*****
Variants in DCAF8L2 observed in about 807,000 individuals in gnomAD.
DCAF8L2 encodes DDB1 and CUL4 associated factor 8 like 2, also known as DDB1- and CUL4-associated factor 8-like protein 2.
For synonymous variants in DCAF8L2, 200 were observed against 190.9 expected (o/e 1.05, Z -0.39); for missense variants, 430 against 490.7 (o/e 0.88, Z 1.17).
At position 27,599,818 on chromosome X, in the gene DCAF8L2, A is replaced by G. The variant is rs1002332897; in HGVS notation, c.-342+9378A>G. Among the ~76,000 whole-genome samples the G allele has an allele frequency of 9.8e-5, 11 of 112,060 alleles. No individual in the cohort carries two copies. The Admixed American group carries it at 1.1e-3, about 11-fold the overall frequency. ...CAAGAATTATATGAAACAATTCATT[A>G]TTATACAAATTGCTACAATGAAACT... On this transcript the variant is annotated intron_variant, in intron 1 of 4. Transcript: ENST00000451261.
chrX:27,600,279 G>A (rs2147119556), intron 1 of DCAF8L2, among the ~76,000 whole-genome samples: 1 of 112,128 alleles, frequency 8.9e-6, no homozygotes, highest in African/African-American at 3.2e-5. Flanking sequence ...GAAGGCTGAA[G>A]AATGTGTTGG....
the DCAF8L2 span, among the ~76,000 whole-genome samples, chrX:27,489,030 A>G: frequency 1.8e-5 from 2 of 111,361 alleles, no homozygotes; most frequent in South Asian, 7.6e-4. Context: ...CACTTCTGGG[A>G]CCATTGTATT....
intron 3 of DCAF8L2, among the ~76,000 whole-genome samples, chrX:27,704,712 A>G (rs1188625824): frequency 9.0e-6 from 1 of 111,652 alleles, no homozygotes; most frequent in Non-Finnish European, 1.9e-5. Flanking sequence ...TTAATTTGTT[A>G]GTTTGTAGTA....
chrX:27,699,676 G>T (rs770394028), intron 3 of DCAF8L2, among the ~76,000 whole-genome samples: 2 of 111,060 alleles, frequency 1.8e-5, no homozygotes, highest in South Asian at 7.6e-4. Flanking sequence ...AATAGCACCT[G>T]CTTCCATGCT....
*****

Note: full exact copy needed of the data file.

Variants in DCAF8L2 observed in about 807,000 individuals in gnomAD.
DCAF8L2 encodes DDB1 and CUL4 associated factor 8 like 2, also known as DDB1- and CUL4-associated factor 8-like protein 2.
For synonymous variants in DCAF8L2, 200 were observed against 190.9 expected (o/e 1.05, Z -0.39); for missense variants, 430 against 490.7 (o/e 0.88, Z 1.17).
At position 27,599,818 on chromosome X, in the gene DCAF8L2, A is replaced by G. The variant is rs1002332897; in HGVS notation, c.-342+9378A>G. Among the ~76,000 whole-genome samples the G allele has an allele frequency of 9.8e-5, 11 of 112,060 alleles. No individual in the cohort carries two copies. The Admixed American group carries it at 1.1e-3, about 11-fold the overall frequency. ...CAAGAATTATATGAAACAATTCATT[A>G]TTATACAAATTGCTACAATGAAACT... On this transcript the variant is annotated intron_variant, in intron 1 of 4. Transcript: ENST00000451261.
chrX:27,600,279 G>A (rs2147119556), intron 1 of DCAF8L2, among the ~76,000 whole-genome samples: 1 of 112,128 alleles, frequency 8.9e-6, no homozygotes, highest in African/African-American at 3.2e-5. Flanking sequence ...GAAGGCTGAA[G>A]AATGTGTTGG....
the DCAF8L2 span, among the ~76,000 whole-genome samples, chrX:27,489,030 A>G: frequency 1.8e-5 from 2 of 111,361 alleles, no homozygotes; most frequent in South Asian, 7.6e-4. Context: ...CACTTCTGGG[A>G]CCATTGTATT....
intron 3 of DCAF8L2, among the ~76,000 whole-genome samples, chrX:27,704,712 A>G (rs1188625824): frequency 9.0e-6 from 1 of 111,652 alleles, no homozygotes; most frequent in Non-Finnish European, 1.9e-5. Flanking sequence ...TTAATTTGTT[A>G]GTTTGTAGTA....
chrX:27,699,676 G>T (rs770394028), intron 3 of DCAF8L2, among the ~76,000 whole-genome samples: 2 of 111,060 alleles, frequency 1.8e-5, no homozygotes, highest in South Asian at 7.6e-4. Flanking sequence ...AATAGCACCT[G>T]CTTCCATGCT....